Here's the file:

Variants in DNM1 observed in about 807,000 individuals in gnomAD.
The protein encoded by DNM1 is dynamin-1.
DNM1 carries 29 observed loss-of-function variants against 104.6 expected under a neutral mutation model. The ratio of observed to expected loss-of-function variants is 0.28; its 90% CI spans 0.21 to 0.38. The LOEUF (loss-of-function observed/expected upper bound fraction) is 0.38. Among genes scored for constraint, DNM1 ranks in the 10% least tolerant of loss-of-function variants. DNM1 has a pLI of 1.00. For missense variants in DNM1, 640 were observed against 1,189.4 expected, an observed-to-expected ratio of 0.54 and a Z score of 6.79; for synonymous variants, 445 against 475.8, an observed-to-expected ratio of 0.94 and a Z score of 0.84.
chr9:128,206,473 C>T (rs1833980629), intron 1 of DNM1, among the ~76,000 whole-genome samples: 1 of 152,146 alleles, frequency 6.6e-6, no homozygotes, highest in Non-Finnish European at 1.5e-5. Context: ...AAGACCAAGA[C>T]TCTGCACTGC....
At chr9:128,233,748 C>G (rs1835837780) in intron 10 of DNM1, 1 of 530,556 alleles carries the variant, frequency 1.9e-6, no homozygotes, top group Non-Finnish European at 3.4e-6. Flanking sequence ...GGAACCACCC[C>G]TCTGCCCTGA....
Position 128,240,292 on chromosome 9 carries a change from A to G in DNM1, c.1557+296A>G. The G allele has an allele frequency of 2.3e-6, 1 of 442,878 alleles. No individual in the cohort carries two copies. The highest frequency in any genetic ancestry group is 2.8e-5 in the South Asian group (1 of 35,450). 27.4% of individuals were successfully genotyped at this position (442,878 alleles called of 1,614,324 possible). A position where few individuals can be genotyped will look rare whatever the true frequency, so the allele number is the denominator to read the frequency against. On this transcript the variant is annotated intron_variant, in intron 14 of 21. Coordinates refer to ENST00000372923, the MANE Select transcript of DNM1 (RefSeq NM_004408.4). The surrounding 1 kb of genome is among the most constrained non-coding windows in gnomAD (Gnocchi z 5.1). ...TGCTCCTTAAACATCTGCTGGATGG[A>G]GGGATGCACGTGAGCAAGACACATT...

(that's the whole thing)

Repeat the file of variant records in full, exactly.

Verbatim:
Variants in DNM1 observed in about 807,000 individuals in gnomAD.
The protein encoded by DNM1 is dynamin-1.
DNM1 carries 29 observed loss-of-function variants against 104.6 expected under a neutral mutation model. The ratio of observed to expected loss-of-function variants is 0.28; its 90% CI spans 0.21 to 0.38. The LOEUF (loss-of-function observed/expected upper bound fraction) is 0.38. Among genes scored for constraint, DNM1 ranks in the 10% least tolerant of loss-of-function variants. DNM1 has a pLI of 1.00. For missense variants in DNM1, 640 were observed against 1,189.4 expected, an observed-to-expected ratio of 0.54 and a Z score of 6.79; for synonymous variants, 445 against 475.8, an observed-to-expected ratio of 0.94 and a Z score of 0.84.
chr9:128,206,473 C>T (rs1833980629), intron 1 of DNM1, among the ~76,000 whole-genome samples: 1 of 152,146 alleles, frequency 6.6e-6, no homozygotes, highest in Non-Finnish European at 1.5e-5. Context: ...AAGACCAAGA[C>T]TCTGCACTGC....
At chr9:128,233,748 C>G (rs1835837780) in intron 10 of DNM1, 1 of 530,556 alleles carries the variant, frequency 1.9e-6, no homozygotes, top group Non-Finnish European at 3.4e-6. Flanking sequence ...GGAACCACCC[C>G]TCTGCCCTGA....
Position 128,240,292 on chromosome 9 carries a change from A to G in DNM1, c.1557+296A>G. The G allele has an allele frequency of 2.3e-6, 1 of 442,878 alleles. No individual in the cohort carries two copies. The highest frequency in any genetic ancestry group is 2.8e-5 in the South Asian group (1 of 35,450). 27.4% of individuals were successfully genotyped at this position (442,878 alleles called of 1,614,324 possible). A position where few individuals can be genotyped will look rare whatever the true frequency, so the allele number is the denominator to read the frequency against. On this transcript the variant is annotated intron_variant, in intron 14 of 21. Coordinates refer to ENST00000372923, the MANE Select transcript of DNM1 (RefSeq NM_004408.4). The surrounding 1 kb of genome is among the most constrained non-coding windows in gnomAD (Gnocchi z 5.1). ...TGCTCCTTAAACATCTGCTGGATGG[A>G]GGGATGCACGTGAGCAAGACACATT...